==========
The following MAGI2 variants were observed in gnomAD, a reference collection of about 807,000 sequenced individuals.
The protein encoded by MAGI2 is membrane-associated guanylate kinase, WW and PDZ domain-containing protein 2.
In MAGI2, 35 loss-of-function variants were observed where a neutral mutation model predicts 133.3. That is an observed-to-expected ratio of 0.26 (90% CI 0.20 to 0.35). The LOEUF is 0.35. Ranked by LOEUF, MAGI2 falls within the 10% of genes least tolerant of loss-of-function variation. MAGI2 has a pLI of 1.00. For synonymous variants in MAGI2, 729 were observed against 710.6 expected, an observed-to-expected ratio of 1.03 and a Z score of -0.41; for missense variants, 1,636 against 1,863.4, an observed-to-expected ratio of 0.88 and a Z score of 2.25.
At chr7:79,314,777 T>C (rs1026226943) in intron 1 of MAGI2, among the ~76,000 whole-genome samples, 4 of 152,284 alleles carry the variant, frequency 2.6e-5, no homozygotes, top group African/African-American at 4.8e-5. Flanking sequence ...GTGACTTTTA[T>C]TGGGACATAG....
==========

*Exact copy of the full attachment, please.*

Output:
The following MAGI2 variants were observed in gnomAD, a reference collection of about 807,000 sequenced individuals.
The protein encoded by MAGI2 is membrane-associated guanylate kinase, WW and PDZ domain-containing protein 2.
In MAGI2, 35 loss-of-function variants were observed where a neutral mutation model predicts 133.3. That is an observed-to-expected ratio of 0.26 (90% CI 0.20 to 0.35). The LOEUF is 0.35. Ranked by LOEUF, MAGI2 falls within the 10% of genes least tolerant of loss-of-function variation. MAGI2 has a pLI of 1.00. For synonymous variants in MAGI2, 729 were observed against 710.6 expected, an observed-to-expected ratio of 1.03 and a Z score of -0.41; for missense variants, 1,636 against 1,863.4, an observed-to-expected ratio of 0.88 and a Z score of 2.25.
At chr7:79,314,777 T>C (rs1026226943) in intron 1 of MAGI2, among the ~76,000 whole-genome samples, 4 of 152,284 alleles carry the variant, frequency 2.6e-5, no homozygotes, top group African/African-American at 4.8e-5. Flanking sequence ...GTGACTTTTA[T>C]TGGGACATAG....